Kengo Takiguchi, wearing an embroidered kimono and patterned headband, sits cross-legged near the shore of Lake Akan. He dips a carved willow stick (ikupasuy) into a wooden sake bowl and puts a drop of alcohol into the flame of a candle, then waves the stick in the air while praying out loud, a gesture to the spirits the Ainu people call kamuy.
“In kamuy’s world, one drop of alcohol becomes a barrel of alcohol, so kamuy is happy about it,” Takiguchi explains to a tour group. The Ainu, an Indigenous group that lives mostly on the northern island of Hokkaido, has practiced this prayer ritual, kamui-nomi, for hundreds of years, but the Ainu are little known around the world. In fact, the government of Japan only legally recognized the Indigenous group in 2019. The Upopoy National Ainu Museum and Park opened in 2020, though, and now four tours offered by the Akan Ainu Industrial Arts Association are helping visitors to reopened Japan learn more about this unique culture.
Today, I’m on one of those tours, the 90-minute Forest Time itinerary, which begins with Takiguchi performing kamuy-nomi at the edge of the woods in Akan Mashu National Park. He explains that for the Ainu the forest is a source of food, tools, and clothing, and the prayer ceremony is a way to show appreciation. He then leads us on a walk into the woods, explaining the symbolism and uses of the trees along the trail. (The katsura tree was fashioned into dugout canoes, while the sap of pines was used as a skin balm.) “This lets people touch wood and see what the surface feels like and what it is used for,” he says. Our guide also demonstrates how to play the mukkuri, a small mouth harp made from bamboo that can mimic sounds from nature—the cries of bear cubs, the drip of raindrops, even the roar of thunder.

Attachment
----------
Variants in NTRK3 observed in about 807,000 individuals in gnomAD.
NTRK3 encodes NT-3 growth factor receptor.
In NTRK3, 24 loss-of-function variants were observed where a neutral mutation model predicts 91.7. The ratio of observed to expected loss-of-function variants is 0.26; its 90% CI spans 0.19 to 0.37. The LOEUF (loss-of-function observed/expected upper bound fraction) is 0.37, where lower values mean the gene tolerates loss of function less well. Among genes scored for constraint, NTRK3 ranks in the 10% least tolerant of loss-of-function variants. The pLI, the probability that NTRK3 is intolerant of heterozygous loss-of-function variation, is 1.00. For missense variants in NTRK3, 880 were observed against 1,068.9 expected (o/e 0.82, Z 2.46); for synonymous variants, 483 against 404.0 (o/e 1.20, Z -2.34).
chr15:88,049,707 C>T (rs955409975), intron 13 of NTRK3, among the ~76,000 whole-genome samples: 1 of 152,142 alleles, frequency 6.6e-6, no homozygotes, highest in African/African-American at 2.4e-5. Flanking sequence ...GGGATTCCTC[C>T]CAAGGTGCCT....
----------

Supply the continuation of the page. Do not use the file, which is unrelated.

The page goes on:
Aside from being a guide, Takiguchi is a wood-carver and one of about 100 people who live in the traditional Ainu kotan (village) at Lake Akan. Visitors to the village will find handicrafts shops, a theater for music and dance performances, and Ainu cuisine such as pocche-imo (baked fermented potato dumplings), salmon, and sea-weed dumplings. For a full cultural immersion, consider attending the two-day Akan Yukar Utasa Festival, which debuted in February 2020 and is set to host guests again next month (February 4–5) after two years of virtual editions. In the Ainu language, utasa means “intersecting with each other”—an activity that Japan-loving travelers are surely overjoyed to be able to participate in once more.